The Nvidia nForce 780i SLI might be only a few months old, but it only supports DDR2 memory and many were disappointed with nForce 780i SLI because it was nForce 680i SLI with a third chip.
With the fact that DDR3 has now been on the market for nine months, DDR2 motherboards are no longer considered ‘flagship’ by manufacturers – technology needs to move forwards, as they say. However, because DDR3 is maturing slowly and still disproportionately priced out of the market, DDR2-based motherboards are still the choice of many gamers and enthusiasts – you can’t argue at 4GB of fast memory for well under £100, can you?
That said, we’re slowly seeing more and more capable DDR3 memory rated to 1,800MHz, 2,000MHz and even beyond. Yesterday, Nvidia decided it was time to enter the DDR3 market with its next-generation “enthusiast” chipsets: the nForce 790i SLI and the nForce790i Ultra SLI. And this time around, the new chipset is just that.
Now, I know I’ve been heavily critical of the “enthusiast” brand on super-expensive parts and, after talking to Nvidia about the eye watering expected retail price, we were simply told that it didn’t expect to sell many – it’s meant to be an industry leader and a technical demonstration of what the company has in store for future DDR3 products. At least it’s honest about its sales projections, but that means the nForce 790i series chipsets are essentially designed for willy wavers across the world. It's a glimpse of what Nvidia has in store for the rest of us in the future, but it's worth noting that, conversely, this will likely be the last Nvidia chipset without an IGP - the nForce 790i series does not support Hybrid SLI.
Most of us will be looking at DDR3 in Q4 this year and into 2009 when prices are expected to drop, Nehalems will arrive on DDR3 only and DDR3-based AMD CPUs will be just around the corner. In this respect, DDR2 chipsets will be around for a while, but expect the nForce 790i series to demonstrate a level of performance that you can expect to see in future products that filter down to us normal folk.
If you’re seriously considering 3-way SLI or even Quad-SLI, then the nForce 790i series should be a definite consideration. While we’re only covering the technology today in our first look, in a future article we’ll see if the performance gain is worth buying over the nForce 780i SLI as well as other alternatives like the Intel X48 and X38 chipsets which feature support for CrossFire X.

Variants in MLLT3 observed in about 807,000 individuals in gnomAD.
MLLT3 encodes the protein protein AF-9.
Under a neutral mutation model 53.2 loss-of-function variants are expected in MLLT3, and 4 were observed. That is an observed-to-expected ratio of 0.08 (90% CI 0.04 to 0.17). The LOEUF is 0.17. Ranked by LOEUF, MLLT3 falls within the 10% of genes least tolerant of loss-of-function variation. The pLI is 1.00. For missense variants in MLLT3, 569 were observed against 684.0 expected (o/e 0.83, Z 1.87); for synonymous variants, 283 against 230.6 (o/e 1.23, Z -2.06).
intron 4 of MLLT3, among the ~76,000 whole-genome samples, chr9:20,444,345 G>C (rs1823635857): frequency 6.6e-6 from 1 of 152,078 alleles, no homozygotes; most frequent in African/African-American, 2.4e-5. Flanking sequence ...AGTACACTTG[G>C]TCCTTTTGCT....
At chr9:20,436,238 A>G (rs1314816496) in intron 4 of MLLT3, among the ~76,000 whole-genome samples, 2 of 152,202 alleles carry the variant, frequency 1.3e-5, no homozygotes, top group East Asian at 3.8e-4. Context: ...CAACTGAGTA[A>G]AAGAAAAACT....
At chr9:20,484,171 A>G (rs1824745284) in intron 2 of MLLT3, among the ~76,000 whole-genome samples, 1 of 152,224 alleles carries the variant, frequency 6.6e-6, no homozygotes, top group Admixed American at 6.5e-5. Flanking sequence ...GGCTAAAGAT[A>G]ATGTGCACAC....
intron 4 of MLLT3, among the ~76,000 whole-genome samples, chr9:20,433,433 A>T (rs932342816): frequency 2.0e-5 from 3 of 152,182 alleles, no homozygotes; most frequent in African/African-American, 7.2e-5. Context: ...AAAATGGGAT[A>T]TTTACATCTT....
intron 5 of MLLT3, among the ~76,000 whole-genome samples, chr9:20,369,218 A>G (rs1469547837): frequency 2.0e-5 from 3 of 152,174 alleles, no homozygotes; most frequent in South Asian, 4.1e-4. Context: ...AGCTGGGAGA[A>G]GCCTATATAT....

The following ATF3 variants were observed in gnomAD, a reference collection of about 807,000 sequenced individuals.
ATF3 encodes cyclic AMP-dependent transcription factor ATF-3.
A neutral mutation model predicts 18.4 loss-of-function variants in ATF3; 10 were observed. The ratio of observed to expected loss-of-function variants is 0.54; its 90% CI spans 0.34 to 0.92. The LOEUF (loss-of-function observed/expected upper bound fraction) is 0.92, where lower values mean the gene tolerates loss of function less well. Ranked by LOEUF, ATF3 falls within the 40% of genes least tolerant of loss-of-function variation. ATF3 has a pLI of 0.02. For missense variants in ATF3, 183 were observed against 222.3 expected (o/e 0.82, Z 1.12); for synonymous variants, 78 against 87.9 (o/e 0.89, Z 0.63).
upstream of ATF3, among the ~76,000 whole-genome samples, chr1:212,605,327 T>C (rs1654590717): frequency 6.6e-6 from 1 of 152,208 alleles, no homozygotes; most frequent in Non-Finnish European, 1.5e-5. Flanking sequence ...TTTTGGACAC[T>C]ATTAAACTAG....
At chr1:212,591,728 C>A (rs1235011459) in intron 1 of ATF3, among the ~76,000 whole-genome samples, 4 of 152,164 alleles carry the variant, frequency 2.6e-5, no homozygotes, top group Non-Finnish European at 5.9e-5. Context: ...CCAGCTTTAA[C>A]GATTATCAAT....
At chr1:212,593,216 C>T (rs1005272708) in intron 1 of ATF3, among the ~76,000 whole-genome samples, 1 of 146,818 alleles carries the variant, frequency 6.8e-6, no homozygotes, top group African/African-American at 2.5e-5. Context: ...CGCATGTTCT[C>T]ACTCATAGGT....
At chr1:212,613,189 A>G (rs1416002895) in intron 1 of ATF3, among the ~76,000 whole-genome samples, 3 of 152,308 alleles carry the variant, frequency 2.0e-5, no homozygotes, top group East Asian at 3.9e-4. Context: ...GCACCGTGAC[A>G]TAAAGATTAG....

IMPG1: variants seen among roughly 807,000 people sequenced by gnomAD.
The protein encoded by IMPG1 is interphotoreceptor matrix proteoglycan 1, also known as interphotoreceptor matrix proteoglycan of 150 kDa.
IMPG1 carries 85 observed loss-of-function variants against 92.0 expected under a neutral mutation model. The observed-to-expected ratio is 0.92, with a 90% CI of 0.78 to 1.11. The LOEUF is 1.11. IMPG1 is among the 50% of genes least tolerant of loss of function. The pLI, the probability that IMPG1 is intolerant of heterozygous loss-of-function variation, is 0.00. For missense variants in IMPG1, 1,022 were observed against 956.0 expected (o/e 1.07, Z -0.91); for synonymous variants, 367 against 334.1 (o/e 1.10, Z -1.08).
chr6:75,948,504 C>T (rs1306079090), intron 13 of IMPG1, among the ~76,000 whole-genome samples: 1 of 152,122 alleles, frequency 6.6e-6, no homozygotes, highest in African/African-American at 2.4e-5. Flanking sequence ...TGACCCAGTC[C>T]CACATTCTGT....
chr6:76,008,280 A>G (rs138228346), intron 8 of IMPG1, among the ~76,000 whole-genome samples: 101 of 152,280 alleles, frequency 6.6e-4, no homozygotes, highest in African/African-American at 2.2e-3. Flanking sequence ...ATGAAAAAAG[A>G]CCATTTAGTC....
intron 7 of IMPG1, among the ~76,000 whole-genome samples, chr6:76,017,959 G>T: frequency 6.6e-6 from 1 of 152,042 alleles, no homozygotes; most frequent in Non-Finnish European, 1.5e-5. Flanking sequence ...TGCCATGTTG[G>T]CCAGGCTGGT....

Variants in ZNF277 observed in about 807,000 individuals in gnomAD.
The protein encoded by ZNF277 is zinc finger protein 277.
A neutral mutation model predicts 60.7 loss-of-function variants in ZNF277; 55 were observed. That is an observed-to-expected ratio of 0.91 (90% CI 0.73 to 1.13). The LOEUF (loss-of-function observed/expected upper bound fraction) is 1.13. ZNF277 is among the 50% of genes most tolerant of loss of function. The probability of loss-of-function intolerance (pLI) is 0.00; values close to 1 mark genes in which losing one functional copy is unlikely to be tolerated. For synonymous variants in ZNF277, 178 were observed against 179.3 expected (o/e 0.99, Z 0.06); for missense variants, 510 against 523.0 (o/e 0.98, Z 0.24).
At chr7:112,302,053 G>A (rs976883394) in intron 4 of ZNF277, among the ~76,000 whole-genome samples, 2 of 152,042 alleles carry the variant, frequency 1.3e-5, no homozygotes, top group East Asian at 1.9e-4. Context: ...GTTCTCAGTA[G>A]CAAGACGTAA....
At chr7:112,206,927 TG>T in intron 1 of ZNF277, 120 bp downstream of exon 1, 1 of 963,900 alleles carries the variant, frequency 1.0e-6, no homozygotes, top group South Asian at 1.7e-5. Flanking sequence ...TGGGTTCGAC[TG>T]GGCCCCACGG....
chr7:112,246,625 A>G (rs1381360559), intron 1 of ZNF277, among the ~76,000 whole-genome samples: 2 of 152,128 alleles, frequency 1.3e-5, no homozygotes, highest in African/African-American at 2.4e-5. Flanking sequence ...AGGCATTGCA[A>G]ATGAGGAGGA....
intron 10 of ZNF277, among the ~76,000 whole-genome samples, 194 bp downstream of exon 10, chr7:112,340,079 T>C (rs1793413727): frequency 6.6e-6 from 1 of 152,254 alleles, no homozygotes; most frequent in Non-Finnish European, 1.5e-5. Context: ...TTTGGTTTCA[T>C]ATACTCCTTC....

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What’s new in the nForce 790i series?
The Nvidia nForce 790i series comes in two flavours – the nForce 790i SLI and the nForce 790i Ultra SLI. The NF790IU north bridge is currently version A2 and is fabricated on a 90nm process in Taiwan (that’ll be either TSMC or UMC then, because Nvidia wouldn’t disclose this). This is still paired with the old NF570 south bridge that’s been around the block more than a few times – the version used here is the same as in the nForce 780i SLI which includes the new ESA support that is also officially launching with the nForce 790i series.
Just to recap, the south bridge includes six SATA and one IDE channel with “MediaShield” storage technology, two physical layer Gigabit Ethernet connections with Nvidia “FirstPacket” technology and DualNet (network teaming), ten USB 2.0 ports, five legacy PCI slots and High-Definition audio support. The chipset is still manufactured on an old 130nm process which means it still runs very hot and still talks to the north bridge with a HyperTransport 1.0 x8 link running at 1GHz, providing 2GB/s of bandwidth. The south bridge still has four PCI-Express 1.1 x1 links and a single x16 link to provide some choice for board makers. For example, Asus might decide to make a workstation (WS) version with four or five x16 (x16-x16-x16-x8-x4?) lanes – in this way it wouldn't need to use extra board space and cost on an additional chipset.
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Despite Nvidia’s insistence this is still a cutting-edge MCP south bridge we’re not convinced – it could desperately do with a die-shrink and 10 USB 2.0 lags behind the 12-14 found elsewhere. While the networking section are still feature packed, we feel six SATA is perhaps on the low side now – those buying this board will be early adopters so upgrading to SATA DVD-RW drives is hardly out of the question. The XFX board based on the reference design does include an extra chipset for eSATA and an additional SATA port, but that’s still an additional cost, board space and these connections can’ be incorporated with the MediaShield technology.